Re-Imagining the Other: Culture, Media, and Western-Muslim Intersections
RE-IMAGINING THE OTHER – Book Sample
Preface – RE-IMAGINING THE OTHER
This book addresses the historical and contemporary conceptualizations of the Other carried out by Western and Muslim societies. Both have had a 14-century old relationship during which a vast number of images have been produced of each other in the contexts of conflict as well as of collaboration. Current discourses tend to be largely unaware of the complexities and subtle- ties of Western-Muslim intersections, which are usually hidden under the dominant image of unremitting conflict.
Therefore, we invited leading scholars to write about specific aspects of the perception of the Other. They dis- cuss the cultural expressions manifested in various forms of relations between Western and Muslim societies—colonial, commercial, intellectual, linguistic, literary, media, religious, and translational. is simultaneously published with its companion volume Engaging the Other: Public Policy and Western-Muslim Intersections.
The main aims of these books are to study in an original manner (1) the role of mutual cultural ignorance as a cause of conflict between Western and Muslim societies and (2) the pos- sibilities of engaging constructively with each other.
This set of publications examines the complex relationships between the two civilizations by drawing on historical and contemporary material. Whereas several books on related topics have been published in the last decade, this project is a unique and innovatively structured multidisciplinary endeavour that builds a new theo- retical model and approaches the issue from the perspectives of both Western and Muslim societies.
Whereas each book stands on its own, we believe that Re-imagining the Other appeals to readers specifically interested in the study of communication, conflict, conflict resolution, crisis management, culture, history, imperialism, intercultural and international relations, Western-Mus- lim interactions, media, the Middle East, migration, multiculturalism, peace making, postcolonialism, security, race, and religion.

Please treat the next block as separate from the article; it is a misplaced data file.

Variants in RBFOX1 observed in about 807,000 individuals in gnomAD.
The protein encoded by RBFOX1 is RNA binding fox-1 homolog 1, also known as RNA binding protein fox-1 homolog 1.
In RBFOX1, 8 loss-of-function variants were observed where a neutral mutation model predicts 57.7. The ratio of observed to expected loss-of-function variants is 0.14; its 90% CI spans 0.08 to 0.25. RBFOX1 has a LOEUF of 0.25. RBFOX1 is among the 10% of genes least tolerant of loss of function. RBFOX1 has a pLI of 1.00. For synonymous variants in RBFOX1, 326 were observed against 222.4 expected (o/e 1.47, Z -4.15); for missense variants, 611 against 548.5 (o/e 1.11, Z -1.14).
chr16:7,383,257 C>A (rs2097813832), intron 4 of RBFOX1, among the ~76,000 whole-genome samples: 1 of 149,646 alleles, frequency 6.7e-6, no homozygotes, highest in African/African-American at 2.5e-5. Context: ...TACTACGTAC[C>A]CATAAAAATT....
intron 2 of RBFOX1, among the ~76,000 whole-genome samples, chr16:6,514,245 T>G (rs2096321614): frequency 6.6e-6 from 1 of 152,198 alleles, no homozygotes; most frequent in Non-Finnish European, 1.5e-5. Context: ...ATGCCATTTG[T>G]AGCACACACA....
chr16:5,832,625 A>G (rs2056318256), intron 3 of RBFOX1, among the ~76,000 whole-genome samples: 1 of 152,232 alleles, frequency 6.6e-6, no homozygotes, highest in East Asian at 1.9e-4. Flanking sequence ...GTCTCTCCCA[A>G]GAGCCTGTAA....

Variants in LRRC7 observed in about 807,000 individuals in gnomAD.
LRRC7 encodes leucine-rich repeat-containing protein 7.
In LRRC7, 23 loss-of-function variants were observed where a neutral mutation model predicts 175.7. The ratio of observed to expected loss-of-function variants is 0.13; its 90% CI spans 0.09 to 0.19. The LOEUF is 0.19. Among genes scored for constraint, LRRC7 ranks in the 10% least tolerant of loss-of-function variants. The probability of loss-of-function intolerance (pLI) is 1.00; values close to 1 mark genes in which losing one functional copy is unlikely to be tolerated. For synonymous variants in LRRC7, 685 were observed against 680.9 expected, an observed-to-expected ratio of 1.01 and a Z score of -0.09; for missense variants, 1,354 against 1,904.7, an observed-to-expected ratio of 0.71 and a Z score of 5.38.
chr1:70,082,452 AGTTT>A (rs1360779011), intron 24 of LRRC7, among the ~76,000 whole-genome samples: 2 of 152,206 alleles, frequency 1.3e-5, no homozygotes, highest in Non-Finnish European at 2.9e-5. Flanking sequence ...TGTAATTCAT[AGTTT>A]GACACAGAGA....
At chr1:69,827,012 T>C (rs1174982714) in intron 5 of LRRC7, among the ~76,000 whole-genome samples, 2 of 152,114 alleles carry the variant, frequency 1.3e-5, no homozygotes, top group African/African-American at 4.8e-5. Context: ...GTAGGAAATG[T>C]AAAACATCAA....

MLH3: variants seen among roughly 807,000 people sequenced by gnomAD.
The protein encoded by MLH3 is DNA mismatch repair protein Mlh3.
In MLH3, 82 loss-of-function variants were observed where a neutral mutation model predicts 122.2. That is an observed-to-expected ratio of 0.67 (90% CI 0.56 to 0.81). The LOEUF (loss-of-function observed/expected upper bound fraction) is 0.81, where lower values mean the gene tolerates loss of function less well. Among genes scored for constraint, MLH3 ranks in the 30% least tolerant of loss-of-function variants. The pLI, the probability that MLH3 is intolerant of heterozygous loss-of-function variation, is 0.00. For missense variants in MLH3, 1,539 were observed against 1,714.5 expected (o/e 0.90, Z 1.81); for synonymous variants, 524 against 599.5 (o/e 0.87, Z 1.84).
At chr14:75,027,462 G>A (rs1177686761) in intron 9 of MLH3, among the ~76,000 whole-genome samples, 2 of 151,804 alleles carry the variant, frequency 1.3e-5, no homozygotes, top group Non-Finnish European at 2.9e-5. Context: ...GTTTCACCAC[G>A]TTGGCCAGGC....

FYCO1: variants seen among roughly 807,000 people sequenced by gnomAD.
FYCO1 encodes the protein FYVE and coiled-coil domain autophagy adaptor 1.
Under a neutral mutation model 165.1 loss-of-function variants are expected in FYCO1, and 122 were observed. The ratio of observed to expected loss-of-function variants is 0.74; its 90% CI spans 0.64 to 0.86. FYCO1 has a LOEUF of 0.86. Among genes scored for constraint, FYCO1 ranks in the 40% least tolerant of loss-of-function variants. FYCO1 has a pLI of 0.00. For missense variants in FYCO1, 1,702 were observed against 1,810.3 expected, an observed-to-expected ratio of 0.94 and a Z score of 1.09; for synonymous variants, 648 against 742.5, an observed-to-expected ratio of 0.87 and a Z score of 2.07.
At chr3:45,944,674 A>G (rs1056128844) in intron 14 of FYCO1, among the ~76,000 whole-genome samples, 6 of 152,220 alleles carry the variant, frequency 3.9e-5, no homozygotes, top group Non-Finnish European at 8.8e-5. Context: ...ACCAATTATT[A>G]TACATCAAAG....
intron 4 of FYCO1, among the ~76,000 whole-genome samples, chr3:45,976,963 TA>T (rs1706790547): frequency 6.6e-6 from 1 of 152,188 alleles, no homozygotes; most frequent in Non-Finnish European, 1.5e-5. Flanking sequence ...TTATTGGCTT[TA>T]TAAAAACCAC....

This set of books appears at a timely juncture that marks the withdrawal of Western military forces from the long wars in Iraq and Afghanistan. Even as Preface the conflicts between Western and Muslim societies proliferate, public sup- port for expensive and bloody wars has declined and policymakers are more receptive to consider alternatives to militarization and securitization.
The intensification of the debates on Muslim immigration to Western countries provides a domestic frame for the project’s topicality.
Despite their differing values, Western and Muslim civilizations overlap with each other in many ways and have demonstrated the capacity for productive engagement. It is unfortunate that, in spite of a mountain of academic research produced on the shared Abrahamic heritage and the long history of collaborative relation- ships, our time is marked by an escalation of the clash to a global scale.
Much of Western-Muslim interaction is characterized by a mutual lack of awareness of the history in which each culture played a vital role in shaping the other.
This project draws from the critique that the clash of ignorance poses. The concept was initially proposed by the late Edward Said in a brief magazine article.
A growing number of academics, policymakers, religious leaders, and media commentators are making references to this idea; however, it has not yet been fully developed as a theory. We published a well-received article exploring the basic ideas of the clash of ignorance thesis in 2012 in the Global Media Journal—Canadian Edition. The present project provides theoretical and empirical substance to this thesis in a multidisciplinary and internation- ally authored set of volumes.
Contributors are from the academic fields of architecture, communication and media, conflict resolution, education, inter- national relations, Islamic studies, law, literature, Middle-Eastern studies, political psychology, politics, social anthropology, theology, and translation.
This timely and innovative project that takes the lead in the elaboration of the undertheorized and underresearched clash of ignorance paradigm coincides with the twentieth anniversary of Huntington’s introduction of the clash of civilizations thesis, which has run its course.
As Western and Muslim societies are experiencing exhaustion from the decade-long “war on terror,” students, policymakers, and publics are well disposed to alternatives to the conflict model.
The project makes a compelling argument for shed- ding the old and tired modes of understanding intercivilizational relations and offers fresh and thought-provoking possibilities for productive interactions between cultural and religious groups in the twenty-first century.
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